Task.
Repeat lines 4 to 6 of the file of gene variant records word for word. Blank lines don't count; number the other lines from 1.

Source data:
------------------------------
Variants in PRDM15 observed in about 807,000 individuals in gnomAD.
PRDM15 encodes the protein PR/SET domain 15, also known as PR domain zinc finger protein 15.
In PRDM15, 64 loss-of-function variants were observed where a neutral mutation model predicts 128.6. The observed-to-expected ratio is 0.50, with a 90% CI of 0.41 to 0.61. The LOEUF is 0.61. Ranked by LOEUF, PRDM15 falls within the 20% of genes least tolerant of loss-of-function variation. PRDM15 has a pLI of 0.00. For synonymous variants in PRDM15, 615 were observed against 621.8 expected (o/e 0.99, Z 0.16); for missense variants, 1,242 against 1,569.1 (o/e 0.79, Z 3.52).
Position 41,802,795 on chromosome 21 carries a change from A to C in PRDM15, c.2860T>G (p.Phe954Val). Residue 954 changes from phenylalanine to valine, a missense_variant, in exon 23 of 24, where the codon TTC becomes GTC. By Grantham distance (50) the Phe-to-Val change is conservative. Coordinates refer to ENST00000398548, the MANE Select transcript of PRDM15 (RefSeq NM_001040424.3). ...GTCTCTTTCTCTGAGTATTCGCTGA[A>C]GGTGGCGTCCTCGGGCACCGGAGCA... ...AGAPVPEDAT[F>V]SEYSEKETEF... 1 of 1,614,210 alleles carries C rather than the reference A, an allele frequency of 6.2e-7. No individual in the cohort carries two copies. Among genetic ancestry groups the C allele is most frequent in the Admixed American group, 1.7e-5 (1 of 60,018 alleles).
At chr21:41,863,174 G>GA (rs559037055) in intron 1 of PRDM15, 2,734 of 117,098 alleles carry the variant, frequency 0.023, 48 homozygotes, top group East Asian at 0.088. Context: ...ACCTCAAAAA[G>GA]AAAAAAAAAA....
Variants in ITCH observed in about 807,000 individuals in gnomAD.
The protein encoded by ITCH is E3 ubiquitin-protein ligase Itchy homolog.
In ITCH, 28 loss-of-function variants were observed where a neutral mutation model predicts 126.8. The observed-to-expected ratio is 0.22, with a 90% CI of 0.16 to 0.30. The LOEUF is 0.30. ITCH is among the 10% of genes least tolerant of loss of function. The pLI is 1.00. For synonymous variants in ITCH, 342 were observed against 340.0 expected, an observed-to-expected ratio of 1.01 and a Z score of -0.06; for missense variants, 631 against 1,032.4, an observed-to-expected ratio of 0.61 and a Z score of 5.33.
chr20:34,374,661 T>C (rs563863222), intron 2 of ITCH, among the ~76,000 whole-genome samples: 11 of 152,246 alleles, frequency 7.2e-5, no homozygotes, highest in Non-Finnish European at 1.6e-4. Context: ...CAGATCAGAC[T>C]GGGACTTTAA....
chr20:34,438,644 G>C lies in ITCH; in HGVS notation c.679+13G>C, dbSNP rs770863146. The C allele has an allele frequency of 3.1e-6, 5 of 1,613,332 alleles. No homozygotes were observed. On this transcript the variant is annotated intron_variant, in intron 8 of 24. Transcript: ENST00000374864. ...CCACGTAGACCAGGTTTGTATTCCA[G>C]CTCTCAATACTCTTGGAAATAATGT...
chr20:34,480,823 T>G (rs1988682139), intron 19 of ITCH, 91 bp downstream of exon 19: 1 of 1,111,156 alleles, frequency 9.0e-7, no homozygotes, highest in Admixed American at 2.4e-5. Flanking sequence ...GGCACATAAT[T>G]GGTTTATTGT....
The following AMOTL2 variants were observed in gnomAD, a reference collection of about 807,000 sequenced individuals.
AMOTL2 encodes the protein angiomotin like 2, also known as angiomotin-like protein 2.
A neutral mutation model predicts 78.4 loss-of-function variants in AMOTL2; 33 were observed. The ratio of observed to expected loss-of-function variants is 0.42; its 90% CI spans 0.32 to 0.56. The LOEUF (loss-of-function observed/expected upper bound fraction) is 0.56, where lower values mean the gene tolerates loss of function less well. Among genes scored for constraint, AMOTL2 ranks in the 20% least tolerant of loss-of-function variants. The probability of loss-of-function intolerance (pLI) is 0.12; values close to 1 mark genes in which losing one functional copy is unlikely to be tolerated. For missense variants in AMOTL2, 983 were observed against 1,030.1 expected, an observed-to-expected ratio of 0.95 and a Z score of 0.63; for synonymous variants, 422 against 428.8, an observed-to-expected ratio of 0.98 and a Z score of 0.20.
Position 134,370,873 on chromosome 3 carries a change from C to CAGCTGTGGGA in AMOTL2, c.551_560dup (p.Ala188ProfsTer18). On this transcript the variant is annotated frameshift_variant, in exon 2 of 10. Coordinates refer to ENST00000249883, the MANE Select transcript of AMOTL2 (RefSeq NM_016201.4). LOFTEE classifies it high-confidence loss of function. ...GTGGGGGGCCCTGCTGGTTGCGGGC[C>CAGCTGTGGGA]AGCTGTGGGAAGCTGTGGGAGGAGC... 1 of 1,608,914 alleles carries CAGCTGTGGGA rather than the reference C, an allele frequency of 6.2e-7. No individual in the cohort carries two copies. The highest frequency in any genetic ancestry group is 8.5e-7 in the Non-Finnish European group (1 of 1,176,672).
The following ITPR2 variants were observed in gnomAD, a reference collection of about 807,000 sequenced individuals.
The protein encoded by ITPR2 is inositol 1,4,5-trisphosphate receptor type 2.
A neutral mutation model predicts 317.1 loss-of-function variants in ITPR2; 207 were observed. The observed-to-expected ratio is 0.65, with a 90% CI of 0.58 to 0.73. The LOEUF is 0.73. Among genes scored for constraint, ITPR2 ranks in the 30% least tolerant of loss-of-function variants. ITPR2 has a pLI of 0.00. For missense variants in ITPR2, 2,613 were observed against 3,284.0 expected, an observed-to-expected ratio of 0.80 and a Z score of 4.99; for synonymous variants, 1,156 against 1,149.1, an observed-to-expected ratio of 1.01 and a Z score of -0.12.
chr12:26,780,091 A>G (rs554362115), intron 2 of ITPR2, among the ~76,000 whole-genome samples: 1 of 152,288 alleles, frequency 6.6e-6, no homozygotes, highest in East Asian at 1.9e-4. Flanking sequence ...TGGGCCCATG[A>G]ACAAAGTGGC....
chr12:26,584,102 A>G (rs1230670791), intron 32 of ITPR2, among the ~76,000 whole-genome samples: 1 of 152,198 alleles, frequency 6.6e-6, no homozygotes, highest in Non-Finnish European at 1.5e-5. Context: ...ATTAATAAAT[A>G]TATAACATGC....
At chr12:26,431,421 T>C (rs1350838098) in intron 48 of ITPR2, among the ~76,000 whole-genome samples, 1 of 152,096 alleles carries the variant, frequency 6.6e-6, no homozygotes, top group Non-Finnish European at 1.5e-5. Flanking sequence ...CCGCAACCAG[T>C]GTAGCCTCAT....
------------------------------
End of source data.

Position 41,802,795 on chromosome 21 carries a change from A to C in PRDM15, c.2860T>G (p.Phe954Val). Residue 954 changes from phenylalanine to valine, a missense_variant, in exon 23 of 24, where the codon TTC becomes GTC. By Grantham distance (50) the Phe-to-Val change is conservative. Coordinates refer to ENST00000398548, the MANE Select transcript of PRDM15 (RefSeq NM_001040424.3). ...GTCTCTTTCTCTGAGTATTCGCTGA[A>C]GGTGGCGTCCTCGGGCACCGGAGCA... ...AGAPVPEDAT[F>V]SEYSEKETEF... 1 of 1,614,210 alleles carries C rather than the reference A, an allele frequency of 6.2e-7. No individual in the cohort carries two copies. Among genetic ancestry groups the C allele is most frequent in the Admixed American group, 1.7e-5 (1 of 60,018 alleles).
At chr21:41,863,174 G>GA (rs559037055) in intron 1 of PRDM15, 2,734 of 117,098 alleles carry the variant, frequency 0.023, 48 homozygotes, top group East Asian at 0.088. Context: ...ACCTCAAAAA[G>GA]AAAAAAAAAA....
Variants in ITCH observed in about 807,000 individuals in gnomAD.